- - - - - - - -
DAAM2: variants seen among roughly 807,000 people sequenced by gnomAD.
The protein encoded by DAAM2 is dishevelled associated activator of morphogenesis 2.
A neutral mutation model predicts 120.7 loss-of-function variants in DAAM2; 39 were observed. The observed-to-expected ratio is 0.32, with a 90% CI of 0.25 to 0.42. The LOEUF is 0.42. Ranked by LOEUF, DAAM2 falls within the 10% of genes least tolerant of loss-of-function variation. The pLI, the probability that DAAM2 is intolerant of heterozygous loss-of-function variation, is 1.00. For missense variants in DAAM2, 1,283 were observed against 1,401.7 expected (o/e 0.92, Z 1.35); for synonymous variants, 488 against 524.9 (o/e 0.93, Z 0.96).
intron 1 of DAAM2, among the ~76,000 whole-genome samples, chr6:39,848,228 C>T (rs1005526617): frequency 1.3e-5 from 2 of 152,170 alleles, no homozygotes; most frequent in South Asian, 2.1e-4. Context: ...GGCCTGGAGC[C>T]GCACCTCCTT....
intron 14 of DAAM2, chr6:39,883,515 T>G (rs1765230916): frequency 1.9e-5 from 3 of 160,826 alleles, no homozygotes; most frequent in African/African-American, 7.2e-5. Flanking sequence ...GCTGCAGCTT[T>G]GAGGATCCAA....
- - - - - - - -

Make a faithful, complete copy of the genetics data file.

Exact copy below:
DAAM2: variants seen among roughly 807,000 people sequenced by gnomAD.
The protein encoded by DAAM2 is dishevelled associated activator of morphogenesis 2.
A neutral mutation model predicts 120.7 loss-of-function variants in DAAM2; 39 were observed. The observed-to-expected ratio is 0.32, with a 90% CI of 0.25 to 0.42. The LOEUF is 0.42. Ranked by LOEUF, DAAM2 falls within the 10% of genes least tolerant of loss-of-function variation. The pLI, the probability that DAAM2 is intolerant of heterozygous loss-of-function variation, is 1.00. For missense variants in DAAM2, 1,283 were observed against 1,401.7 expected (o/e 0.92, Z 1.35); for synonymous variants, 488 against 524.9 (o/e 0.93, Z 0.96).
intron 1 of DAAM2, among the ~76,000 whole-genome samples, chr6:39,848,228 C>T (rs1005526617): frequency 1.3e-5 from 2 of 152,170 alleles, no homozygotes; most frequent in South Asian, 2.1e-4. Context: ...GGCCTGGAGC[C>T]GCACCTCCTT....
intron 14 of DAAM2, chr6:39,883,515 T>G (rs1765230916): frequency 1.9e-5 from 3 of 160,826 alleles, no homozygotes; most frequent in African/African-American, 7.2e-5. Flanking sequence ...GCTGCAGCTT[T>G]GAGGATCCAA....